Nathan Elvery, a man who did so much to create the culture and ethos that has been prevalent at Croydon Council during his reign there as chief finance officer, deputy CEO and ultimately as top banana, appears to have taken his copy of Council Management For Dummies with him to his new job in Sussex by the sea, and is putting it into practice with gusto.
It appears that staff there are so devoted to their boss, they are even prepared to mislead in official responses to Freedom of Information requests.
Less than three years on from Elvery leaving Croydon to take charge at West Sussex County Council, and he’s back in a starring role in the Rotten Boroughs pages of this week’s Private Eye, and splashed all over the local television bulletins, too, amid demands for a full independent inquiry into a payment of £47,500 for “permanent relocation costs”, on top of his £190,000 salary.
The nub of the matter is that while Elvery pocketed the relocation wedge, he’s never actually moved home, and still has the house he has shared with his wife in Epsom since 2006.
Elvery did buy a little bachelor pad in Chichester, close to his county council offices. But as the Eye reports, “the flat, for which he paid £205,000, wasn’t purchased until July 2017 – more than a year after Elvery started work at WSCC…
“The council’s rules state that a relocation allowance must be claimed within six months of a move – and, indeed, council accounts show it was paid in the 2016-17 financial year. So Elvery was paid the extra £47,000 long before he bought the flat – even if that could be said be ‘relocating’.”
Where Elvery’s unique management style comes in is with the false statement offered by a senior member of his staff at West Sussex. Tony Kershaw, the county council’s head of law – so someone you’d think would be familiar with the importance of giving true and honest testimony – said in an answer to a Freedom of Information request that part of the allowance paid to his new boss was for “legal and estate agent fees associated with a property purchase”. Kershaw even indicated that the council had received receipts.
But estate agents don’t work for house buyers, they work for, and are paid by, the property sellers. And as the Land Registry records show, Elvery’s not sold his Epsom house. So that bit from Kershaw couldn’t have been true.
A bit of arse covering followed. According to the Eye, when challenged on this discrepancy, “a council spokesman ‘clarified’ that ‘the term “estate agent fees” was used in a response when in fact it referred to letting agent fees to cover initial rental costs’.”
The Eye, and now others in West Sussex, are not convinced by this.
Those familiar with Elvery’s time in Croydon will recall that he appeared to regard himself as being above the council’s Code of Conduct, as he broke rules on declarations of interest and personal businesses to establish a private consultancy to market the “expertise” he had developed while supposedly serving the borough.
Inside Croydon investigations found that Tracie Evans, Elvery’s co-director of the company, Sundragon Associates, was found guilty of financial misconduct and bringing the accountancy profession into disrepute after she admitted to forging Elvery’s signatures on company accounts.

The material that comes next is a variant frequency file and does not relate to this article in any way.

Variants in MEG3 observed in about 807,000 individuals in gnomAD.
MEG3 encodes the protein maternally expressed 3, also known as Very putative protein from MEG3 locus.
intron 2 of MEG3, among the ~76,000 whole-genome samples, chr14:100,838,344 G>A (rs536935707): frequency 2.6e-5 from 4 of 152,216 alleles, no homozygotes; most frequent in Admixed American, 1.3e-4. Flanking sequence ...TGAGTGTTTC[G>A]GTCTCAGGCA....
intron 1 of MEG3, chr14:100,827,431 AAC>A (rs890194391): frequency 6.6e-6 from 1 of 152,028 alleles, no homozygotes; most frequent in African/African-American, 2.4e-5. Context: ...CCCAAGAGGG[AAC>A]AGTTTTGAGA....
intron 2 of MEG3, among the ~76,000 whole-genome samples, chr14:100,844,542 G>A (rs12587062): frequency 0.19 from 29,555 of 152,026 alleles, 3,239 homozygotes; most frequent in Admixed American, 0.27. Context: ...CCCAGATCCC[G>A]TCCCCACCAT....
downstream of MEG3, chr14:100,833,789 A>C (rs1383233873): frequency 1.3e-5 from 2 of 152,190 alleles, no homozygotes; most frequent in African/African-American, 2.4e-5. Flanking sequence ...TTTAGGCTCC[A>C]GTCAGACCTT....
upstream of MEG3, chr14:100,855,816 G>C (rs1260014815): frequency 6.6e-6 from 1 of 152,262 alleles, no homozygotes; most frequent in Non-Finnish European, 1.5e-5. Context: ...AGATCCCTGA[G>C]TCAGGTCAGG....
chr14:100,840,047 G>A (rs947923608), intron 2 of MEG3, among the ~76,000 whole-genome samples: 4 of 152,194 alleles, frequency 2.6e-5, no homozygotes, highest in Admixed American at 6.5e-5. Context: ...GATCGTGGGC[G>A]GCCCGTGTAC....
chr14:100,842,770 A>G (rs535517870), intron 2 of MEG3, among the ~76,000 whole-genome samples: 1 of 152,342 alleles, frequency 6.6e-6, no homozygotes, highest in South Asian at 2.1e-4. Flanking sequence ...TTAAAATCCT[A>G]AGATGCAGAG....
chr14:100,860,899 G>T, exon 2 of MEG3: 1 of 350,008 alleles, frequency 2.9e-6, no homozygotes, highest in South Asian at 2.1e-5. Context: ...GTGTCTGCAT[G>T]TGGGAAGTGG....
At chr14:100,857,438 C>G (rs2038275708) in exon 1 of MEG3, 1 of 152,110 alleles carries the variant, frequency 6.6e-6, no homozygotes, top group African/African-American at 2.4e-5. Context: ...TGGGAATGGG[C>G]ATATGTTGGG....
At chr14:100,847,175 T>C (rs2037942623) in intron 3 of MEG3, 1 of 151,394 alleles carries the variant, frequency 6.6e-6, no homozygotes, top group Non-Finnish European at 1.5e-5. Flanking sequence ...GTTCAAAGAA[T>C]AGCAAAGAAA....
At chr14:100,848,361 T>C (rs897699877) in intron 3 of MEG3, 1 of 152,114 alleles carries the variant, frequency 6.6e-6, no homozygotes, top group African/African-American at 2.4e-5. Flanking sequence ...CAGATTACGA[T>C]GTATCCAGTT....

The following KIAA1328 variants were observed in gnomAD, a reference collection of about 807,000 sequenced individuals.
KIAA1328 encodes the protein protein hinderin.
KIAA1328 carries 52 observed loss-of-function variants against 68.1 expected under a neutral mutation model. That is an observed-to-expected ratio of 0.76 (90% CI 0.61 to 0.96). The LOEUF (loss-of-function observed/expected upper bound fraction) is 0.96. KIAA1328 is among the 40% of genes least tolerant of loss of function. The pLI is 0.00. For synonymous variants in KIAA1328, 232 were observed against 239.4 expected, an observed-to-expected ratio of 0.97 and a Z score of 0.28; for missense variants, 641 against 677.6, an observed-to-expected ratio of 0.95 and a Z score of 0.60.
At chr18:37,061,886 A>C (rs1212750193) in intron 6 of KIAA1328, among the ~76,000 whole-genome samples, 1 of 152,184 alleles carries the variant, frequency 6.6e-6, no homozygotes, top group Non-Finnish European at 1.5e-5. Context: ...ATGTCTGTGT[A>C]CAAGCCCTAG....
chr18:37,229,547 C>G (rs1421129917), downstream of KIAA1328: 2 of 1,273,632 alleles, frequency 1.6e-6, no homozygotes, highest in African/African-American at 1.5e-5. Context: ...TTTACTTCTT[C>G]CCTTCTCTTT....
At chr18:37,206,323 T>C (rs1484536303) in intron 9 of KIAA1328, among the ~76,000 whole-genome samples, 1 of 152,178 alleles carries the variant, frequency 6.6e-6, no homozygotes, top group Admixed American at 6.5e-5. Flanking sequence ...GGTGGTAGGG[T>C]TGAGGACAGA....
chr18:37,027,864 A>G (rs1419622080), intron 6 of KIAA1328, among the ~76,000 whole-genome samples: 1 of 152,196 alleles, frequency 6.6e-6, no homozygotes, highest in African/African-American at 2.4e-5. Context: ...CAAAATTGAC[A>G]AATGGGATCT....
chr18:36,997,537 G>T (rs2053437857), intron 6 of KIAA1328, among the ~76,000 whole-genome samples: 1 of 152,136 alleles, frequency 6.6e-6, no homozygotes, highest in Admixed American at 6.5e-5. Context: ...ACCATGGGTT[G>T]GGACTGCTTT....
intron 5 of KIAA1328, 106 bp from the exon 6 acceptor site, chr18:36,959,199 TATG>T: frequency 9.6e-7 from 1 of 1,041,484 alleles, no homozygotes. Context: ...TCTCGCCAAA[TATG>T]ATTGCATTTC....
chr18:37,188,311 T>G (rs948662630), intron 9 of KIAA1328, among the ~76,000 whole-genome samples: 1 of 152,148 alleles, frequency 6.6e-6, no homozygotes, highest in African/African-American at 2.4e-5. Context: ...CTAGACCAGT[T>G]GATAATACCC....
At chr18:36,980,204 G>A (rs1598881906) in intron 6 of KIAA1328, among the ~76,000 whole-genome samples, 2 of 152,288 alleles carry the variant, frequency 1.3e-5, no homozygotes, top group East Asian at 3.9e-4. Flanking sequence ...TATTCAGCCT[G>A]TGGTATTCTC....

When Inside Croydon sought answers about Elvery’s involvement with Sundragon Associates, members of council staff went to great lengths to obstruct and avoid providing responses to FOI requests about their then boss. One FoI response was delayed by more than four months and required an internal review before the correspondence was released. The response, when it eventually arrived, came from someone working in Nathan Elvery’s own department.
His involvement in Sundragon when on a six-figure salary for his full-time job with the council was something for which Elvery was never sanctioned. Ultimately, he was promoted to the chief executive role (by incoming Labour council leader Tony Newman).
Elvery also escaped any disciplinary action despite being the subject of two investigations into the procurement of £3.7million transport contracts for the borough’s disabled schoolchildren, which happened on his watch and which appeared to favour one company which was uninsured and not properly licensed to hire out its buses.
Now in West Sussex, Elvery again appears to have placed himself above the rules. In Chichester, with no property purchase or sale-related expenditure in 2016-2017, the only eligible receipts submitted by Elvery would have been for temporary accommodation. But WSCC rules say that relocation expenses can only be paid for up to six months and must not total more than 25 per cent of the total relocation allowance – in this case £11,875.
“So how was payment of the other £35,625 justified?” the Eye asks, quite reasonably.
Thing is, they’re unlikely ever to get a proper answer. Kershaw, the legal eagle who once said that receipts for expenditure had been provided, is now saying that someone in the accounts department has “not retained” them. How careless. Or convenient.
The matter was discussed during a council meeting in Chichester on Monday, with the local ITV news interviewing a “good governance campaigner” Andrew Rowson, who has spent months investigating the payment to Elvery. Rowson wants an independent investigation.
Rowson said, “The policy says that this is relocation expenses. The law and the policy say that that means a change of primary residence, and that hasn’t happened.”
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